Yes, I know all about the Republic of Ireland previously defeating a scratch English side, but every one of the Irish side was playing for an English club. Hungary’s crushing victory has long been seen as a landmark signalling the end of any notion of England’s football supremacy though, heaven knows the 1950 defeat in Belo Horizonte in the Brazilian World Cup by a pick and mix American side should surely have signalled that.
Yet in retrospect that 6-3 defeat seems hardly inevitable, while the 7-1 thrashing which awaited England in Budapest the following May was a monumental disgrace.
The football world at large must have marvelled at the fact that Walter Winterbottom, the England manager, had stayed in office for another eight years. Not least because just a fortnight before Hungary and Hidegkuti romped to victory at Wembley, that astute little Yorkshireman George Raynor had taken his Sweden team – deprived of all those stars then playing pro in Italy – to Budapest and gained a 2-2 draw.
This he did by seeing Nandor Hidegkuti, in his lying centre forward role, as the crucial figure in the Hungarian attack deploying his inside left to shadow him in the first half, his centre-forward in the second. At Wembley as we know Hidegkuti quickly scoring from a free kick, ran riot and ended with a hat trick.
Walter Winterbottom told me that before the game he had asked his centre half Harry Johnston whether he would prefer to mark Hidekguti closely or stand off him, the answer to which was that he preferred to stand off him. The obvious corollary to which being that another player should have close marked Hidegkuti. No one did and those six goals were largely the result.
It is true that by a fatuous compromise, insisted upon by the self-important blowhards of the selection committee, they picked the team and Walter simply had to get on with it. Only with this arrangement did they allow Stanley Rous, the powerful FA secretary (all too powerful in his almost paternal protection of Winterbottom) to have a manager appointed at all.
As it transpired the absurd arrangement nominally lasted till Walter belatedly retired in 1962 though by the time it came to the World Cup of 1958, we in the press were aware that Walter not the committee was choosing the side. In Budapest in 1954 there is no doubt he was dealt a particularly indifferent hand but 7-1? That surely could have been tactically avoidable.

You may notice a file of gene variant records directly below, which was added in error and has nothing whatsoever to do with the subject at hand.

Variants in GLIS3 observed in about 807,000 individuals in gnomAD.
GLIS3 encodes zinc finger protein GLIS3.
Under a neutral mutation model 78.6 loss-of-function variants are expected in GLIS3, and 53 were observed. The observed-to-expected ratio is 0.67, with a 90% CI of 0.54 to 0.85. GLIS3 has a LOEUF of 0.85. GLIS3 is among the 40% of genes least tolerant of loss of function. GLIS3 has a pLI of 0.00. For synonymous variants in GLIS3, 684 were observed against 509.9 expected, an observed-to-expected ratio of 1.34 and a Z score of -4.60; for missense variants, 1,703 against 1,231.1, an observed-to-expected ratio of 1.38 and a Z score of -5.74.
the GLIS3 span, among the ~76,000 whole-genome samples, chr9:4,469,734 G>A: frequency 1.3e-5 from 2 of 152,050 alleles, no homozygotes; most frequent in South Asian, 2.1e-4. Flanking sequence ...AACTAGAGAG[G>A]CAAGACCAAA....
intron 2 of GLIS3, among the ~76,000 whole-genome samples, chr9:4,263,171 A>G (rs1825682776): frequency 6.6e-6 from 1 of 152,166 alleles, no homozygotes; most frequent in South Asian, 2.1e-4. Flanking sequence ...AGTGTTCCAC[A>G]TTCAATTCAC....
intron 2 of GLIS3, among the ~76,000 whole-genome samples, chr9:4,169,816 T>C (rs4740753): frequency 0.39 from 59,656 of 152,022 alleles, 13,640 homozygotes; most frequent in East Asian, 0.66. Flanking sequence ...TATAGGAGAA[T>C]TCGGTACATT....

Readers of these columns may recall that in Rome in May 1955 in my obscure presence Rous offered the England role to Jesse Carver then managing Roma. But Jesse didn’t take it and Winterbottom survived for another seven years.
That Russia, land of football racism, should ever have been awarded the 2018 World Cup was in its way as scandalous as giving the subsequent World Cup to Qatar.
The recent disgraceful jeering of Manchester City’s Yaya Toure by bigoted CSKA Moscow fans was alas merely the latest in an endless series of such incidents; from Moscow to St Petersburg. The light tap on the wrist applied by UEFA – closing a mere 3,000 capacity section of the stadium – was rightly disparaged by the likes of Stan Collymore, though the suggest that black players alone should boycott the Russian World Cup hardly seemed an adequate solution.
One of those pompously irrelevant bodies, Kick It Out, mysteriously praised the decision as “swift, decisive and proportionate.”
UEFA, like FIFA, have no serious intention of combating racist behaviour. How well I recall Ukraine’s Oleg Blokhin coolly standing beside his World Cup side while great play was made of FIFA’S programme of anti-racism. The same Blokhin who so recently had viciously opposed the entry of black players into Ukrainian football.
But then such racism is found not only in Eastern Europe but in Italy – where Milan walked off the field to protest at Pro Patria – and in Spain where, not long since, England’s black players were jeered in Madrid. Wrists no doubt will continue to be slapped.